The cold weather had arrived that very day with Nicolás Maduro, the embattled president of Venezuela, who slipped into Havana just 48 hours ahead of Obama. Maduro was Cuba’s latest sugar daddy, whose shipments of subsidized oil kept the lights on in Cuba. Maduro had nipped in ahead of the American, his big mustache and bombastic disbelief intended as a kind of inoculation of the Cuban public. Formally, his state visit was a preview of Obama’s. The two Latin American presidents met, exchanged speeches, and pinned decorations on each other in the low lobby of the Council of State. The dignitaries toasted socialism and solidarity and the Cuban revolution, which the Venezuelan described on live television as “persecuted by an infernal blockade.” His advice to the Cubans on the eve of reconciliation was simple: “Never surrender no matter how massive the pressure.”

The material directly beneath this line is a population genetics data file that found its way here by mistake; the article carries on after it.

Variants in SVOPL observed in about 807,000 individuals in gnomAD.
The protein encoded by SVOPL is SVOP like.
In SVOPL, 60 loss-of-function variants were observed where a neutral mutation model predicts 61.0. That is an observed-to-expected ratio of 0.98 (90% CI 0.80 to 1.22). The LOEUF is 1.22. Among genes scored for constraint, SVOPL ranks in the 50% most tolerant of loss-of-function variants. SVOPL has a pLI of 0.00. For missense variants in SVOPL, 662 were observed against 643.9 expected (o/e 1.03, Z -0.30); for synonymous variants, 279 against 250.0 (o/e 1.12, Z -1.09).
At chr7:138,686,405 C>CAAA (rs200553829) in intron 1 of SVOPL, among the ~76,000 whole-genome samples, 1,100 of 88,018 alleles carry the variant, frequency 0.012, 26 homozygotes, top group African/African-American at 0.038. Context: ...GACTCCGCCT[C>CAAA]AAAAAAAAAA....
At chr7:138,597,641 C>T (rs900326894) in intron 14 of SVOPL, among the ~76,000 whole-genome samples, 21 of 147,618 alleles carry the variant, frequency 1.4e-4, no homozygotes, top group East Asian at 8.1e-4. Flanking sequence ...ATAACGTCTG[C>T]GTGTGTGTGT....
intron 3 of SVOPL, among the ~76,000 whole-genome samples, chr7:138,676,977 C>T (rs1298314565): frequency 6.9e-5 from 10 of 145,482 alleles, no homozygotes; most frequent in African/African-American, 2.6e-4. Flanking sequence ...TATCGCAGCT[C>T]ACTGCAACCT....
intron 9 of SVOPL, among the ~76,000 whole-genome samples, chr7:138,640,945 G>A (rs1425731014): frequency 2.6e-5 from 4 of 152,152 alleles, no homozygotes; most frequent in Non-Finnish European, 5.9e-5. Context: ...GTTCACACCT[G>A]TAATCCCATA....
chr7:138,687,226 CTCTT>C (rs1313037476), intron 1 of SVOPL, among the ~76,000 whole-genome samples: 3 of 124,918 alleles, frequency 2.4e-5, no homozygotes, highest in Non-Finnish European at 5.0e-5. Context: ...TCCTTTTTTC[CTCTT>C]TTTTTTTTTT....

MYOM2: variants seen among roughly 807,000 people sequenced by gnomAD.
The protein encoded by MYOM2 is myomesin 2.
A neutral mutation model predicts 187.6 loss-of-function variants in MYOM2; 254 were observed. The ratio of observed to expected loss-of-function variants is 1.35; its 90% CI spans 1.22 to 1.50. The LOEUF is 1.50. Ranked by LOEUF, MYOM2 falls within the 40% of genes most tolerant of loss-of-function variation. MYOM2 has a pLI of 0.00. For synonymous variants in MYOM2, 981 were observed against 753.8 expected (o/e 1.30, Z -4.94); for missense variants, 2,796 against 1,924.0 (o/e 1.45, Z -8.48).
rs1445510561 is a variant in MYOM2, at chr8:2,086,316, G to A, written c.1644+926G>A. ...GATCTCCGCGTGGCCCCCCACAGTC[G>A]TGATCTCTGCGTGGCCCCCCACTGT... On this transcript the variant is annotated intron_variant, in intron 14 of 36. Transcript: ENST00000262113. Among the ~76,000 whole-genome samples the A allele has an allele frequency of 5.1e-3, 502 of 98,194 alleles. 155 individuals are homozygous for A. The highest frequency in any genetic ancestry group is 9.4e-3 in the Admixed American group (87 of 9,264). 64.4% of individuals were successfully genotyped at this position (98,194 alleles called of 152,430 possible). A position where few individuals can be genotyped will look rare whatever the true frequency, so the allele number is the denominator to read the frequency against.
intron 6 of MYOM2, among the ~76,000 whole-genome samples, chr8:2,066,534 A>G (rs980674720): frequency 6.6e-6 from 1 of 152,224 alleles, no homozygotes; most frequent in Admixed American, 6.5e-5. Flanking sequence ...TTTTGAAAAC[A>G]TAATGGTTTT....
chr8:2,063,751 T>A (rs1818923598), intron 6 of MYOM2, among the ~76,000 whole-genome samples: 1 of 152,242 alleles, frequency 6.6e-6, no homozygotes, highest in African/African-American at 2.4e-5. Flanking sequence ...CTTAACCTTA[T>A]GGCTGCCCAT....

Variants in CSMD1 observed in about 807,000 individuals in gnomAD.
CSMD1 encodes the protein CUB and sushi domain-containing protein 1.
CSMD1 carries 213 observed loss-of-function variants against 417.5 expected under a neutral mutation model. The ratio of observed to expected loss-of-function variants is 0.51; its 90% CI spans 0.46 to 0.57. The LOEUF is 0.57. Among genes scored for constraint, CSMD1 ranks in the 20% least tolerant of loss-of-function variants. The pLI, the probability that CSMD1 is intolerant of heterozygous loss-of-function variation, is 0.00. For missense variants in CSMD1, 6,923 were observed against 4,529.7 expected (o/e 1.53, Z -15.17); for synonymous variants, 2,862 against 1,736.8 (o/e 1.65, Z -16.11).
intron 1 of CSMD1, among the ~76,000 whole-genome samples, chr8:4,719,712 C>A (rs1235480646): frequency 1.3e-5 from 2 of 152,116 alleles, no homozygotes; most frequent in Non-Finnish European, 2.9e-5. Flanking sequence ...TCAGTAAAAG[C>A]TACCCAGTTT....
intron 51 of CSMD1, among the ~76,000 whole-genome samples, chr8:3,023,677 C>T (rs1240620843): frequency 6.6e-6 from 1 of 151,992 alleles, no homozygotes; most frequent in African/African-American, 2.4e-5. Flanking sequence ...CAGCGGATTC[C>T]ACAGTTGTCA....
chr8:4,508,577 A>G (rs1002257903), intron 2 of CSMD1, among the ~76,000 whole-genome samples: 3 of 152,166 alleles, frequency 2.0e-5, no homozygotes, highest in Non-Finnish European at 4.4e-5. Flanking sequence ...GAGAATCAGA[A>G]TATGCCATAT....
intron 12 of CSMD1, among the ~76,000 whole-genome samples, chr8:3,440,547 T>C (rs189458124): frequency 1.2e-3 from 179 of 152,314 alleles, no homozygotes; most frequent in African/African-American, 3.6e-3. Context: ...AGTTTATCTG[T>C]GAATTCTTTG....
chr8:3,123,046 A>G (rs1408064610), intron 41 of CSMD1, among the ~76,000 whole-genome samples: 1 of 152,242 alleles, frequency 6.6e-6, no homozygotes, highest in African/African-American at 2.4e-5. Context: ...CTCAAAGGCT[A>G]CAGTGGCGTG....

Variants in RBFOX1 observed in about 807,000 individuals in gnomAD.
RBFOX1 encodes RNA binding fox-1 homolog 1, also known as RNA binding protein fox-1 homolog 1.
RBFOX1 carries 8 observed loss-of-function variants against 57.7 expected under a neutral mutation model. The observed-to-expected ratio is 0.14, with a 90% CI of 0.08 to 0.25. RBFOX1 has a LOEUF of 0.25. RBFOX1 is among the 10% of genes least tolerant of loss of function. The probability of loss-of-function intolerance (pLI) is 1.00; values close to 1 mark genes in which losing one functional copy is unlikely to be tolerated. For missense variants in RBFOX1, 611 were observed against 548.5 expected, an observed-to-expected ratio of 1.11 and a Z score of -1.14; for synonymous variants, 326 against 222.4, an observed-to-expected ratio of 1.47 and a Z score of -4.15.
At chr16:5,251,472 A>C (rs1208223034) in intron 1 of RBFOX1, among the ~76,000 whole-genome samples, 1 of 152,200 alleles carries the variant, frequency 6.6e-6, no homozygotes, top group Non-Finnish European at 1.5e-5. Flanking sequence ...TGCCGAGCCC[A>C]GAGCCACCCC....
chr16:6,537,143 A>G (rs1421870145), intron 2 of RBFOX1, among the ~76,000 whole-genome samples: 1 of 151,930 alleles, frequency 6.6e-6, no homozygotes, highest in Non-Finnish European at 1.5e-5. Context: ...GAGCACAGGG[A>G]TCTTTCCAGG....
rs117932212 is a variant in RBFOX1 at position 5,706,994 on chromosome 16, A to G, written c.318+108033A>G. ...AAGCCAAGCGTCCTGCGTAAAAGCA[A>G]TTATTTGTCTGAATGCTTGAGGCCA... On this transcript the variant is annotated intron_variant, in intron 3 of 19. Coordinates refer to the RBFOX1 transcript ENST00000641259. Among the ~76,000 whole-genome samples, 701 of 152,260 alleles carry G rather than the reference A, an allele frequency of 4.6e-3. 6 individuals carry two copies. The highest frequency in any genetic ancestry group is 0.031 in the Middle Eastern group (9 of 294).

That was one way to greet an epochal transformation in Cuba’s relations with the world, or to characterize what was essentially a love offensive by the Americans. It revealed the upside-down values that united Maduro and Raúl Castro: Obama rescinding decades of hostility was “pressure.” The flood of businessmen and tourists to Cuba was infernal persecution.
The U.S. trade embargo on Cuba was always more fiction than fact, a loophole-plagued set of threats exaggerated by both capitals for political effect (during the supposed “blockade” of the island, Cuba had normal trade with all other nations in the world). But in Maduro’s Venezuela, fiction was normalized. He routinely used the same language to describe a supposed imperialist blockade of Venezuela itself. There was no such blockade against Venezuela, no trade embargo—not even an American policy of sanctions. The $30 billion the United States sent Venezuela the previous year for oil was an obvious contradiction in Maduro’s theory. Venezuela was dependent on these American payments (and the United States, which got about 800,000 barrels from Venezuela, was equally dependent on Venezuela). In Maduro’s mind, the billions sent by the United States were the equivalent of a subversive attempt to overthrow his government. In Havana, such theories of persecution at least had the patina of truth that came from overt American hostility in the past.